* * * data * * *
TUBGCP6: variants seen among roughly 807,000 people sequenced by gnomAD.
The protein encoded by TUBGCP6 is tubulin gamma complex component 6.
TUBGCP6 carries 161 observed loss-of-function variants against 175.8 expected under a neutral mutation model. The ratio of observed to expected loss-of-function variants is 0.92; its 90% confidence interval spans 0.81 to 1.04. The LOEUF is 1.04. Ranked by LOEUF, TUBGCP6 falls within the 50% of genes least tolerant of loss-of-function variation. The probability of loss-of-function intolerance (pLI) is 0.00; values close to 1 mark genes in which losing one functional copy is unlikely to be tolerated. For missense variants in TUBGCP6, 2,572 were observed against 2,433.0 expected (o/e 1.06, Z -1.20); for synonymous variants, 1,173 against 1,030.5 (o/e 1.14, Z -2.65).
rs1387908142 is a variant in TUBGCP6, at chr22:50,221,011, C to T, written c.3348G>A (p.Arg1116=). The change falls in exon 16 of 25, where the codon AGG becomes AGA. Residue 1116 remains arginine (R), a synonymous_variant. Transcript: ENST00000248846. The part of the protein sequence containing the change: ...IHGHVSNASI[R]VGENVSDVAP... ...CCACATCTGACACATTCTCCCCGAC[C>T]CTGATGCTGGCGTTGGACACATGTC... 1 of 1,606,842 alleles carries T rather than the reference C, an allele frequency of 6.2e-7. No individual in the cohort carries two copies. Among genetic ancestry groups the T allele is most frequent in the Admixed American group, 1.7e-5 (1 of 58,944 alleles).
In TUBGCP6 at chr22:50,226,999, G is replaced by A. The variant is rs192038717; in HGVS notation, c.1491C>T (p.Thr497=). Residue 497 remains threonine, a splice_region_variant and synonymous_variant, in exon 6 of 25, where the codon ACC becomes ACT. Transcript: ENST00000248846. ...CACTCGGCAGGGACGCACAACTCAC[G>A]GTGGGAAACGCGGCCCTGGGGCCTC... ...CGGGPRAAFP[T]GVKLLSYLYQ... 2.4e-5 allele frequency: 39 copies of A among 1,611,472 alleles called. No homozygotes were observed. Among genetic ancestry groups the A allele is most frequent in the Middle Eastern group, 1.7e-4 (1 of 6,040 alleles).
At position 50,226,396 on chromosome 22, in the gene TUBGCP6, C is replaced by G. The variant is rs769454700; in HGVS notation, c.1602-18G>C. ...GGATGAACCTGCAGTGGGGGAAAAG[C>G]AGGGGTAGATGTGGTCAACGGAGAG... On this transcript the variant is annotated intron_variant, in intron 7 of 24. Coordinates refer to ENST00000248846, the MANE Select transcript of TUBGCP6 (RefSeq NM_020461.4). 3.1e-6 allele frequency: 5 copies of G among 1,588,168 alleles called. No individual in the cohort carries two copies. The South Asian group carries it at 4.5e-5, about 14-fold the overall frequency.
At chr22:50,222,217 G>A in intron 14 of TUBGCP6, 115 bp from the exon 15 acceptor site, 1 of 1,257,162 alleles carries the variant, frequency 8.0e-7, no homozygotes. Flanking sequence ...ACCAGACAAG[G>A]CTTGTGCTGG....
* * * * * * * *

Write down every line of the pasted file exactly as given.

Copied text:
TUBGCP6: variants seen among roughly 807,000 people sequenced by gnomAD.
The protein encoded by TUBGCP6 is tubulin gamma complex component 6.
TUBGCP6 carries 161 observed loss-of-function variants against 175.8 expected under a neutral mutation model. The ratio of observed to expected loss-of-function variants is 0.92; its 90% confidence interval spans 0.81 to 1.04. The LOEUF is 1.04. Ranked by LOEUF, TUBGCP6 falls within the 50% of genes least tolerant of loss-of-function variation. The probability of loss-of-function intolerance (pLI) is 0.00; values close to 1 mark genes in which losing one functional copy is unlikely to be tolerated. For missense variants in TUBGCP6, 2,572 were observed against 2,433.0 expected (o/e 1.06, Z -1.20); for synonymous variants, 1,173 against 1,030.5 (o/e 1.14, Z -2.65).
rs1387908142 is a variant in TUBGCP6, at chr22:50,221,011, C to T, written c.3348G>A (p.Arg1116=). The change falls in exon 16 of 25, where the codon AGG becomes AGA. Residue 1116 remains arginine (R), a synonymous_variant. Transcript: ENST00000248846. The part of the protein sequence containing the change: ...IHGHVSNASI[R]VGENVSDVAP... ...CCACATCTGACACATTCTCCCCGAC[C>T]CTGATGCTGGCGTTGGACACATGTC... 1 of 1,606,842 alleles carries T rather than the reference C, an allele frequency of 6.2e-7. No individual in the cohort carries two copies. Among genetic ancestry groups the T allele is most frequent in the Admixed American group, 1.7e-5 (1 of 58,944 alleles).
In TUBGCP6 at chr22:50,226,999, G is replaced by A. The variant is rs192038717; in HGVS notation, c.1491C>T (p.Thr497=). Residue 497 remains threonine, a splice_region_variant and synonymous_variant, in exon 6 of 25, where the codon ACC becomes ACT. Transcript: ENST00000248846. ...CACTCGGCAGGGACGCACAACTCAC[G>A]GTGGGAAACGCGGCCCTGGGGCCTC... ...CGGGPRAAFP[T]GVKLLSYLYQ... 2.4e-5 allele frequency: 39 copies of A among 1,611,472 alleles called. No homozygotes were observed. Among genetic ancestry groups the A allele is most frequent in the Middle Eastern group, 1.7e-4 (1 of 6,040 alleles).
At position 50,226,396 on chromosome 22, in the gene TUBGCP6, C is replaced by G. The variant is rs769454700; in HGVS notation, c.1602-18G>C. ...GGATGAACCTGCAGTGGGGGAAAAG[C>G]AGGGGTAGATGTGGTCAACGGAGAG... On this transcript the variant is annotated intron_variant, in intron 7 of 24. Coordinates refer to ENST00000248846, the MANE Select transcript of TUBGCP6 (RefSeq NM_020461.4). 3.1e-6 allele frequency: 5 copies of G among 1,588,168 alleles called. No individual in the cohort carries two copies. The South Asian group carries it at 4.5e-5, about 14-fold the overall frequency.
At chr22:50,222,217 G>A in intron 14 of TUBGCP6, 115 bp from the exon 15 acceptor site, 1 of 1,257,162 alleles carries the variant, frequency 8.0e-7, no homozygotes. Flanking sequence ...ACCAGACAAG[G>A]CTTGTGCTGG....